So, I know that the icon with the three lines is the most common method of letting the user know that a vertical list is able to be moved around. Example here:

enter image description here

I'm wondering how the same kind of concept can be applied to a horizontal list. I have a simple list that looks like this:

enter image description here

But I'm having a hard time figuring out how to let the user know that each item can be held down (until they wiggle) and reordered.

Has this been done before in an app and if so, what is an intuitive way to let the user know that the nav items can be rearranged?

4 Answers 4


You have to understand the icon first. Just like the toggle next to it it represents physical object. It visualizes the tactile feedback of the uneven surface (think old Nokia battery cover) that lets your fingers allow to drag it.

If you applied this to your problem then this ||| would be your icon. But you also have to follow convention of your OS, and on iOS you use a segmented control as default. Which would indicate you should put the order into a settings menu.

Which leads you to the UX question: how often does a user need to re-order? If it is infrequent, maybe putting it out of sight is a good solution. If it is very frequent, maybe an even easier handling instead of tiny icons is needed.

Other approaches:

enter image description here

enter image description here


I'd go for a similar 3 vertical lines to the right of each item, but then I'd also have a line between each item for more clarity

  • Or perhaps vertical lines, like in dockable toolbars of desktop applications. Feb 1, 2016 at 8:46

One thing that should be noted is that with the long press gesture there generally isn't any indication until after the user has long pressed on the item. The indication can then be either the wiggle that you mention or it can be the bars or whatever icon you decide on.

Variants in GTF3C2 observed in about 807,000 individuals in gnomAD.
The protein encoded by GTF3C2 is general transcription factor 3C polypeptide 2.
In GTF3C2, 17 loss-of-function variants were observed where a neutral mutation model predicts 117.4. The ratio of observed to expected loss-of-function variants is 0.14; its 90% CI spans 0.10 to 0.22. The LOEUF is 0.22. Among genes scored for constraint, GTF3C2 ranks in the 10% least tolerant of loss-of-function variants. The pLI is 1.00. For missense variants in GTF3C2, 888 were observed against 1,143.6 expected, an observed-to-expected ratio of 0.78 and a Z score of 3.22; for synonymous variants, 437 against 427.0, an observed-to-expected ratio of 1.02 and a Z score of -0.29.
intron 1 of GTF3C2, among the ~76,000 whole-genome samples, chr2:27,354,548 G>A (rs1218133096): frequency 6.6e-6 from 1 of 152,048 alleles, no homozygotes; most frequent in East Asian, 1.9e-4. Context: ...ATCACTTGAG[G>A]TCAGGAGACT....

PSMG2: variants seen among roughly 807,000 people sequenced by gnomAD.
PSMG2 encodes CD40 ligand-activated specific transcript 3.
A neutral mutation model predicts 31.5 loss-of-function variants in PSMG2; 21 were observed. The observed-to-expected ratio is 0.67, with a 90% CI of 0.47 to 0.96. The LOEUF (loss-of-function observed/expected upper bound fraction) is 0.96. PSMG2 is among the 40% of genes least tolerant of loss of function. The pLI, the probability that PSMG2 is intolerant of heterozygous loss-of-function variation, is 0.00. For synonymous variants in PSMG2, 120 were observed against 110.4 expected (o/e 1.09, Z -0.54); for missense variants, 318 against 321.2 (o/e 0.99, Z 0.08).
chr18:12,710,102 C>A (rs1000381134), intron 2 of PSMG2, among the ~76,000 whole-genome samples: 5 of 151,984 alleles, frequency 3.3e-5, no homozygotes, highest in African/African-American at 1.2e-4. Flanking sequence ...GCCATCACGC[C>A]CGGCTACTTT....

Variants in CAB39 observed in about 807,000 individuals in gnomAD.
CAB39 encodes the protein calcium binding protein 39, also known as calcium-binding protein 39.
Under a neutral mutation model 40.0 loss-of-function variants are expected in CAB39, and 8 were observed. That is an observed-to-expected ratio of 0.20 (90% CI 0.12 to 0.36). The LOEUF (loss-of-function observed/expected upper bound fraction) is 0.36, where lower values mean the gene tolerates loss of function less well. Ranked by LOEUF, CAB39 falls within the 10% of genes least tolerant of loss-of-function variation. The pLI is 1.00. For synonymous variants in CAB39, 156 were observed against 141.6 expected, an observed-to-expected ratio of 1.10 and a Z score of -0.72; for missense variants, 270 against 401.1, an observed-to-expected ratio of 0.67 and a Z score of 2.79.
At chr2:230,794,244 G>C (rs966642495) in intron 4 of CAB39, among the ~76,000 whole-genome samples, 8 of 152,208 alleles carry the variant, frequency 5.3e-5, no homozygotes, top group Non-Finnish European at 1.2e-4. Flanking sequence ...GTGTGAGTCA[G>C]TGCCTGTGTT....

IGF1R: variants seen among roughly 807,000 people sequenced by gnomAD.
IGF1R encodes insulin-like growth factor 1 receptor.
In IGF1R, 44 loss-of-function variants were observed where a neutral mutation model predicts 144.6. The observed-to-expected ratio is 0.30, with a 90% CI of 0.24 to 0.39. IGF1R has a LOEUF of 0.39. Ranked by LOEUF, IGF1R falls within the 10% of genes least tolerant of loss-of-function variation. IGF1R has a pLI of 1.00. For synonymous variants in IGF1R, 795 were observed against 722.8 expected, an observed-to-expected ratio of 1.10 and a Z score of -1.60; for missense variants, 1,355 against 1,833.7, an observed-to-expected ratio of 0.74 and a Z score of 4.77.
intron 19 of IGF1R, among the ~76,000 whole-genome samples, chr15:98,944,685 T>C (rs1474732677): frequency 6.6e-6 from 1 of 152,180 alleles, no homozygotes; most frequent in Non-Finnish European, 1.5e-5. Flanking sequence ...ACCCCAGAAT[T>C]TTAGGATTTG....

If the bars are visible all the time, the user will expect to be able to rearrange by dragging the bars without having to long press first - Which may be an option.

The standard way to deal with this in iOS is either, as I said, to have no indication at all until the user long presses, or - as tab bars do - have a 'more' tab, which pushes to a new table view where you can edit and rearrange the tabs. This is (at least slightly) more obvious to the user but does involve more clicks and effort, or as KMSTR mentioned - have the order in a settings view somewhere. It all depends on your use case and how often and important it is to be able to rearrange.


On the iPad version of Chrome, and earlier versions of their iPhone App, you can re-order open tabs by holding and dragging, much like you can on Desktop. So if you wanted to structure your navigation items like tabs, that's a pretty recognizable visual metaphor.

Alternatively, on iOS users are trained to understand that the home screen can be reorganized by holding icons; You could use some minor animation when the user loads the menu the first time—a little shake from the last item on the menu—to indicate that it, like the home screen, can be reorganized by tapping and holding. You could have that animation repeat intermittently until a user tries it, even, unless you think that's too annoying.

Your Answer

By clicking “Post Your Answer”, you agree to our terms of service and acknowledge you have read our privacy policy.

Not the answer you're looking for? Browse other questions tagged or ask your own question.